In order to estimate the depth-to-Moho using the receiver functions shown in Figure 12, accurate velocity information beneath each station was required. We did not have information on the average crustal velocity from directly beneath the stations, but studies of the eastern Arabian Shield had estimated the average P-wave velocity of the crust in the region to be 6.6 km/sec (Mooney et al., 1985) and 6.5 km/sec (Badri, 1990).
These values were considered to be representative of the eastern Arabian margin and Foreland. However, the study area has significant thickness of sediment that could affect the average crustal velocities. To estimate the effect of the sedimentary section, we used the average sonic velocity for the total depth of wells DA-7 and ML-1. The average velocity for the approximately 5-km-thick sedimentary section was between 5.2 km/sec and 5.4 km/sec (Figure 4). In this region, sedimentary units younger than Late Cretaceous have an average velocity of 3 km/sec. The thickness of the post-Late Cretaceous sediments varies, but the maximum thickness along the transect is only from 1 to 1.5 km and this would have an effect of about 2 percent on the averaged crustal velocity.
Since we did not have absolute velocity values for the entire crust and only average measurements from a nearby region, we used a range of velocity values (minimum 6.4 km/sec, maximum 6.8 km/sec) for the whole crust to take into account any potential uncertainty. An additional velocity error is introduced by the converted phase (Ps) wavelength where the interface resolution is dependent on the frequency of the impinging wave. Hence, we estimated an additional error of about 1 km.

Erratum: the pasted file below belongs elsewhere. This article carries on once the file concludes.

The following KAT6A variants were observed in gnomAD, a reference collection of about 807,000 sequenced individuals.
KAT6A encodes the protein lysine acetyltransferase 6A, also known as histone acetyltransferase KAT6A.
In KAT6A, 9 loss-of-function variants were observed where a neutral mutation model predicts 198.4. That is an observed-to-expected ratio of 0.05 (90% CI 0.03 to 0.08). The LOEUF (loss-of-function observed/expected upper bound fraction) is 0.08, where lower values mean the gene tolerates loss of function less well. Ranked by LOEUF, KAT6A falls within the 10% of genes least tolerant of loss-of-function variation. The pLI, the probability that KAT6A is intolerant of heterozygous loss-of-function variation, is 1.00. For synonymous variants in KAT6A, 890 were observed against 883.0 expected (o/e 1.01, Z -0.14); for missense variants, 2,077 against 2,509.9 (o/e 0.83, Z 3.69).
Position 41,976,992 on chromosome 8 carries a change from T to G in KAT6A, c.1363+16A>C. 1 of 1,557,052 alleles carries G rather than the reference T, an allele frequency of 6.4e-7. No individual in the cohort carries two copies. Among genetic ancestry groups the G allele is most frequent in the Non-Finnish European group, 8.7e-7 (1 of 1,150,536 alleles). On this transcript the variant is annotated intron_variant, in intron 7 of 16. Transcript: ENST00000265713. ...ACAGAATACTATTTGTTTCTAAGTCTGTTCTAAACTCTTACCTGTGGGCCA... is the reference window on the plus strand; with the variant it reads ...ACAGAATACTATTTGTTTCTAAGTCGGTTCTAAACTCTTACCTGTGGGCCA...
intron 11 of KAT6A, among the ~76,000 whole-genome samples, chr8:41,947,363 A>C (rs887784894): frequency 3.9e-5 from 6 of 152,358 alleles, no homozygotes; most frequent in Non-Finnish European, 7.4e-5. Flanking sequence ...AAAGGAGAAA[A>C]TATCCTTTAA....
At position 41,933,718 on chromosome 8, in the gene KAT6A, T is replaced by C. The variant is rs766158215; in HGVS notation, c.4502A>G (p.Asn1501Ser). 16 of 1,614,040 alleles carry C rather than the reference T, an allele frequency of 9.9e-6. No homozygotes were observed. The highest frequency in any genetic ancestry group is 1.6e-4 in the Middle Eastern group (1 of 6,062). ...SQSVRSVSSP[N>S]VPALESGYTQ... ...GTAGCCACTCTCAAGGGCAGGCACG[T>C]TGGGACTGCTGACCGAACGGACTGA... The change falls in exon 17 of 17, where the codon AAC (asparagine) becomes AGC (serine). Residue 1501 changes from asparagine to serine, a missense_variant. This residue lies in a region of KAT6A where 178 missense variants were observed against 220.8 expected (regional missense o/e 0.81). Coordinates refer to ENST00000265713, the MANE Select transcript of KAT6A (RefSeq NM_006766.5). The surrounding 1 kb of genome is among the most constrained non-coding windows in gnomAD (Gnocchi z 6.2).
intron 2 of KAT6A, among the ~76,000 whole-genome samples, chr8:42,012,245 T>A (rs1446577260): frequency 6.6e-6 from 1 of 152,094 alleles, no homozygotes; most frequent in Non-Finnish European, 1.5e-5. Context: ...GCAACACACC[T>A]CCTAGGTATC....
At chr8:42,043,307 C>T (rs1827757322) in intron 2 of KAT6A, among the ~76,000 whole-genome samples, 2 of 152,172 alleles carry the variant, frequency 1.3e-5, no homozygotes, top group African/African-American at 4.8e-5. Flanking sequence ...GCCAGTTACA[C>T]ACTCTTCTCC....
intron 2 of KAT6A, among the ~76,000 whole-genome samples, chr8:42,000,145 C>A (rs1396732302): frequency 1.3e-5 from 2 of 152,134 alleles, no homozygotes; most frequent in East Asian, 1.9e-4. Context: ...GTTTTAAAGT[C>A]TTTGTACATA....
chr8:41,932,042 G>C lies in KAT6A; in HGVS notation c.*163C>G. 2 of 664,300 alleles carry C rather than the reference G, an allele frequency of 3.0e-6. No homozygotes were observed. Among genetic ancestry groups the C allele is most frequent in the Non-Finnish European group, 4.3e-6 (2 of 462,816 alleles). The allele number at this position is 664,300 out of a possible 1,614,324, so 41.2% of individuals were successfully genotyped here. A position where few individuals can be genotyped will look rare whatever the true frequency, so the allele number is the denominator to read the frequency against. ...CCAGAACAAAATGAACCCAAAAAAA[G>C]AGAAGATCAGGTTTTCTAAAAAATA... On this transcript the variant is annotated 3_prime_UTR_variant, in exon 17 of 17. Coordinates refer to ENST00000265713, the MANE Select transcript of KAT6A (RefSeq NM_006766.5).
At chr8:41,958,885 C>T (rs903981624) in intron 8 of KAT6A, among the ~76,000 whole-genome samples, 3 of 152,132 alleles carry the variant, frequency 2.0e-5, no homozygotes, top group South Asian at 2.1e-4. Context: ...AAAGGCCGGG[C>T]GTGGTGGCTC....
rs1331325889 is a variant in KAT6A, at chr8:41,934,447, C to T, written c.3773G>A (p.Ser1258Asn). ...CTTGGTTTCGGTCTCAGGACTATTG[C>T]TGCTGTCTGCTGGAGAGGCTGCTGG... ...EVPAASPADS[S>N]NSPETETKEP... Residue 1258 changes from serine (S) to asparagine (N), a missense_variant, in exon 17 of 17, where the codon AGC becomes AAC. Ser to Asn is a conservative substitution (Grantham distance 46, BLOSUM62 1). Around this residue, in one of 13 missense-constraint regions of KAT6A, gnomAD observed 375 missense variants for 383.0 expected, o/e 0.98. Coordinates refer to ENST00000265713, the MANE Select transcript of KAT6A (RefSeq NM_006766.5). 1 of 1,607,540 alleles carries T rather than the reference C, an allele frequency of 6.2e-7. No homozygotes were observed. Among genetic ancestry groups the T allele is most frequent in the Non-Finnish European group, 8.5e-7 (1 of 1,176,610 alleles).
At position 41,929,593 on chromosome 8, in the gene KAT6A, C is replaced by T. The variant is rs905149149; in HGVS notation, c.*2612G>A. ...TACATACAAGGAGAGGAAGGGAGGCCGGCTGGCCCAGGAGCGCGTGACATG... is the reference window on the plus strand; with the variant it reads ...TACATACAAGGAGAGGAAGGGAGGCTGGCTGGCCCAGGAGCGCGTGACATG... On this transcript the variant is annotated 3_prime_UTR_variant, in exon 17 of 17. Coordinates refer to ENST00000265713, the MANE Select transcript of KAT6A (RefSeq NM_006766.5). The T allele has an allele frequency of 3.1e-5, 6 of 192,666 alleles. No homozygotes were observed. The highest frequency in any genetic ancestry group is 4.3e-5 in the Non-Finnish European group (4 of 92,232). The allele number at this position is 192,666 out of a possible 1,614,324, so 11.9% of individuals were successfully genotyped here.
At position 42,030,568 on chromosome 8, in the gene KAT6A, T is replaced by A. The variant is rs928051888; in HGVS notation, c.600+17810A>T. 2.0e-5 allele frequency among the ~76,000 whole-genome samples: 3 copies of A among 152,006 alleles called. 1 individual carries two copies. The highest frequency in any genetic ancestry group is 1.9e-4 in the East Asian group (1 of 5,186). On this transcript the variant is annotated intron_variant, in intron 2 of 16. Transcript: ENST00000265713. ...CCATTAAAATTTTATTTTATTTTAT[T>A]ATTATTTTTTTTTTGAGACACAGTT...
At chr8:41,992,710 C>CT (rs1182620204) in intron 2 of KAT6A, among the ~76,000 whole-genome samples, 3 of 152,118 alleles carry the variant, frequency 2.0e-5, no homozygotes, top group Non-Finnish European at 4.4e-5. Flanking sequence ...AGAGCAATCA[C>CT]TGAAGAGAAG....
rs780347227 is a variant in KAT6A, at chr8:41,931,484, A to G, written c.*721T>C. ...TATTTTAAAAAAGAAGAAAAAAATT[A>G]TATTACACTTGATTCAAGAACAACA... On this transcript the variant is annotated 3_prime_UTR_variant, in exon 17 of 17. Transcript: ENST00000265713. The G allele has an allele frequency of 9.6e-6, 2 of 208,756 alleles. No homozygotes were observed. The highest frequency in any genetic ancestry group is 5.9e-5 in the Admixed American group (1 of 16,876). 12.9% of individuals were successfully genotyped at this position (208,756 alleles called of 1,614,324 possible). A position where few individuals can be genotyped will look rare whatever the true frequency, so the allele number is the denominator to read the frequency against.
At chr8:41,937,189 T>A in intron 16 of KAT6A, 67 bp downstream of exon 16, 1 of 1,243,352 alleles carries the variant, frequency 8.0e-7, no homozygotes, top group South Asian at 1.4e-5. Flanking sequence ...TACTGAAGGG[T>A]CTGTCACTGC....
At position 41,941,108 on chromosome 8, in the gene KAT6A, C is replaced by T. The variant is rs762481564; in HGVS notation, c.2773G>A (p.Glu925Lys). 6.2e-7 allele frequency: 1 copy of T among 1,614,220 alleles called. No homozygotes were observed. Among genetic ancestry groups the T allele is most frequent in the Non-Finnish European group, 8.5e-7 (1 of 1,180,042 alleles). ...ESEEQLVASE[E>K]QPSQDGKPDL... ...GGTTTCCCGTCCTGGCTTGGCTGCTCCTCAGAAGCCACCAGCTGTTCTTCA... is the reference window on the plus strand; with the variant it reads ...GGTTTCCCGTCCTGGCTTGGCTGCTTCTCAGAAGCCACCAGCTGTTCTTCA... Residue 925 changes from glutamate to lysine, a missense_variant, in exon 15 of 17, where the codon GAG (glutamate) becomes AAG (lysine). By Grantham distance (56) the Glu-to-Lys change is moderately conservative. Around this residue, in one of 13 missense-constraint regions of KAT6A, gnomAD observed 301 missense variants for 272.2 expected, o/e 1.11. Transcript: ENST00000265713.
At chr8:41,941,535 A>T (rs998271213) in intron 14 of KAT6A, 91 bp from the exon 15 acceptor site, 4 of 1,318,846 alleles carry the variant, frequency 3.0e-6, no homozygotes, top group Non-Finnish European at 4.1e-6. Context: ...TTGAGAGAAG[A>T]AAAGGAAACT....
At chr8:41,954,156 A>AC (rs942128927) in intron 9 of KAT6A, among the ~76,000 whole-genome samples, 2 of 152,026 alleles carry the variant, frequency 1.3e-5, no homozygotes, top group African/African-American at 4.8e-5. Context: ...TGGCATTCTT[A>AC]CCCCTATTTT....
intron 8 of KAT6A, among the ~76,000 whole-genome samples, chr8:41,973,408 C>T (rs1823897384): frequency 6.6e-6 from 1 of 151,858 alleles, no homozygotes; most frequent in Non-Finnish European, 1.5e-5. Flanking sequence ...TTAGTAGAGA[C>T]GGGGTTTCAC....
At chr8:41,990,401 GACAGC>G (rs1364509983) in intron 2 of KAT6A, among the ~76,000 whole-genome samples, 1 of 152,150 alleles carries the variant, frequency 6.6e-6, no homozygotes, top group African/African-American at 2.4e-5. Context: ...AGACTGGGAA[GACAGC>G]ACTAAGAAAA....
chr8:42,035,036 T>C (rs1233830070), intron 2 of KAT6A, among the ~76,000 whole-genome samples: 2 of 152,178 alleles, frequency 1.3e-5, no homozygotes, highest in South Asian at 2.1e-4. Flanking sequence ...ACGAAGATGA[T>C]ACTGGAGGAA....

Based on a 6.6 km/sec crustal velocity, and a 0.25 Poisson ratio (Zandt and Ammon, 1995), the calculated Moho depth for station KTOM on the southern edge of the Coastal Zone was 41 km. Taking into account potential errors, we estimated the Moho depth beneath this station to be 41 ± 2 km. Due to the incident angle of the incoming seismic wave, the actual Moho impingement is at 8 km east of KTOM (see Figure 3) based on the assumed seismic velocity.
In the Coastal Zone, the ophiolite blocks are estimated to vary in thickness from between 10 and 20 km (Shelton, 1990). Ophiolites in northern Oman have an average compressional velocity of about 6.9 km/sec (Christensen and Smewing, 1981) and account for at least 25 percent of the average continental crust thickness of 45 km in the region. This high velocity could result in a decrease of about 4 km in the estimated Moho depth at station KTOM, which is approximately equal to the total estimated error.